Some of the most striking images from the refugees who have been trekking across Europe are of families and children. Beyond the immediate perils of their journeys, migration inevitably changes families. As children are usually much quicker to learn new … Continue reading →... Read more »
Bauer, E. (2013) Reconstructing Moral Identities in Memories of Childhood Language Brokering Experiences. International Migration, 51(5), 205-218. DOI: 10.1111/imig.12030
A new study finds that rising placebo responses may play a part in the increasingly high failure rate for clinical trials of drugs designed to control chronic pain caused by nerve damage. Surprisingly, however, the analysis of clinical trials conducted since 1990 found that the increase in placebo responses occurred only in trials conducted wholly in the U.S.; trials conducted in Europe or Asia showed no changes in placebo responses over that period.... Read more »
Tuttle, A., Tohyama, S., Ramsay, T., Kimmelman, J., Schweinhardt, P., Bennett, G., & Mogil, J. (2015) Increasing placebo responses over time in U.S. clinical trials of neuropathic pain. PAIN, 1. DOI: 10.1097/j.pain.0000000000000333
That title is not a mistake. When I read the recent articles about the earliest example of a decapitation, my first thought was “wow, look at those illustrations; we really […]... Read more »
Strauss A, Oliveira RE, Bernardo DV, Salazar-García DC, Talamo S, Jaouen K, Hubbe M, Black S, Wilkinson C, Richards MP.... (2015) The Oldest Case of Decapitation in the New World (Lapa do Santo, East-Central Brazil). PloS one, 10(9). PMID: 26397983
Researchers at the UNC School of Medicine found that people with anorexia nervosa have very different microbial communities residing inside their guts compared to healthy individuals and that this bacterial imbalance is associated with some of the psychological symptoms related to the eating disorder.... Read more »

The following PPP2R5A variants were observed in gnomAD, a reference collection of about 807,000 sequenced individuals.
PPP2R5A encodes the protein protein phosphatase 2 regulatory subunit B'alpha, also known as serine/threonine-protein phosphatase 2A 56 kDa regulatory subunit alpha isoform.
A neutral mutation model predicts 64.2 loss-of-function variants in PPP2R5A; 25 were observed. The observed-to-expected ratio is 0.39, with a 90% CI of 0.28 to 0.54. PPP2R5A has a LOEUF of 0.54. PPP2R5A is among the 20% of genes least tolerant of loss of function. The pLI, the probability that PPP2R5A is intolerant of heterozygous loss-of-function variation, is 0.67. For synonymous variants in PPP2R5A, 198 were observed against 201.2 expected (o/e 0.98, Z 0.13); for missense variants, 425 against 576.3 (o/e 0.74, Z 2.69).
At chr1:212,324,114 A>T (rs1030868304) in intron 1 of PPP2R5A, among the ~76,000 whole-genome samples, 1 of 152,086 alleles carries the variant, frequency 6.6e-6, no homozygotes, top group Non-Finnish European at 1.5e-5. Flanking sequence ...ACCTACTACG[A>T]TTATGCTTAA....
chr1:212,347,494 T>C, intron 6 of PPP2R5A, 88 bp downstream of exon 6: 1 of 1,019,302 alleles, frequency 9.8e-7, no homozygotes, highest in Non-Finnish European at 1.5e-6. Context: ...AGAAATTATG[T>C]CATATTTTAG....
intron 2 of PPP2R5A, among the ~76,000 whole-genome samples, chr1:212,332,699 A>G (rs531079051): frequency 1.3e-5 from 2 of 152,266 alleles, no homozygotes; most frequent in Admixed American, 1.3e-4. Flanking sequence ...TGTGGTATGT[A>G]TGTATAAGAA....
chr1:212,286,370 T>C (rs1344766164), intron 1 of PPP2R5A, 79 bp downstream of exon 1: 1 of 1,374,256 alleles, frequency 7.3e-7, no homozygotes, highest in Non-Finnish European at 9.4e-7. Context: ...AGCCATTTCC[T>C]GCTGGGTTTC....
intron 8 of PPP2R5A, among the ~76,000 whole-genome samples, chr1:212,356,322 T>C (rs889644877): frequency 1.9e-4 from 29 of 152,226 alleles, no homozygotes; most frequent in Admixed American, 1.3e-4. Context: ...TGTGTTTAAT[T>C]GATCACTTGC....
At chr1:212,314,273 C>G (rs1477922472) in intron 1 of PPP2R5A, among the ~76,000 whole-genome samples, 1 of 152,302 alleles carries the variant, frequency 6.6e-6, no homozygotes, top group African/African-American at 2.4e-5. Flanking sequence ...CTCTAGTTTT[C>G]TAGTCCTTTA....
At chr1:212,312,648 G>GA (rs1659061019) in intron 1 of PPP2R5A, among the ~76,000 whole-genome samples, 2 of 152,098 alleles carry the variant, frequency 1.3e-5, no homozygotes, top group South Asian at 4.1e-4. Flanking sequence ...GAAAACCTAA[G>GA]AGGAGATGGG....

Kleiman, S., Watson, H., Bulik-Sullivan, E., Huh, E., Tarantino, L., Bulik, C., & Carroll, I. (2015) The Intestinal Microbiota in Acute Anorexia Nervosa and During Renourishment. Psychosomatic Medicine, 1. DOI: 10.1097/PSY.0000000000000247
I like making lists about living things. Colour is a great starting point for such lists, whether they're about body parts infected by microbes or the origins of science words. For this post, I'm going to look at how bones and teeth can take on a bunch of strange colours...... Read more »
Dooley A, & Moncrief N. (2012) Fluorescence provides evidence of congenital erythropoietic porphyria in 7000-year-old specimens of the eastern fox squirrel from the Devil's Den. Journal of Vertebrate Paleontology, 32(2), 495-497. DOI: 10.1080/02724634.2012.639422
Ferrand J, Rossano S, Rollet P, Allard T, Cordier P, Catillon G, Auxiette G, Farges F, & Pont S. (2014) On the origin of the green colour of archaeological bone artefacts of the Gallo-Roman Period. Archaeometry, 56(6), 1024-1040. DOI: 10.1111/arcm.12042
The human brain does not come with an operating manual. However, a group of scientists have developed a way to convert structural brain imaging techniques into “wiring diagrams” of connections between brain regions. Three researchers from UCSB’s Department of Psychological & Brain Sciences — Michael Miller, Scott Grafton and Matt Cieslak — used the structure of neural networks to reveal the fundamental rules that govern which parts of the brain are most able to exert cognitive control over thoughts and actions.... Read more »
In pop culture, conspiracy believers — like FBI agent Fox Mulder on The X Files or professor Robert Langdon in The Da Vinci Code — tend to reject the notion of coincidence or chance; even the most random-seeming events are thought to result from some sort of intention or design. And researchers have suggested that such a bias against randomness may explain real-world conspiracy beliefs. But new research from psychological scientists shows no evidence for a link between conspiracist thinking and perceptions of order, design, or intent.... Read more »
Dieguez, S., Wagner-Egger, P., & Gauvrit, N. (2015) Nothing Happens by Accident, or Does It? A Low Prior for Randomness Does Not Explain Belief in Conspiracy Theories. Psychological Science. DOI: 10.1177/0956797615598740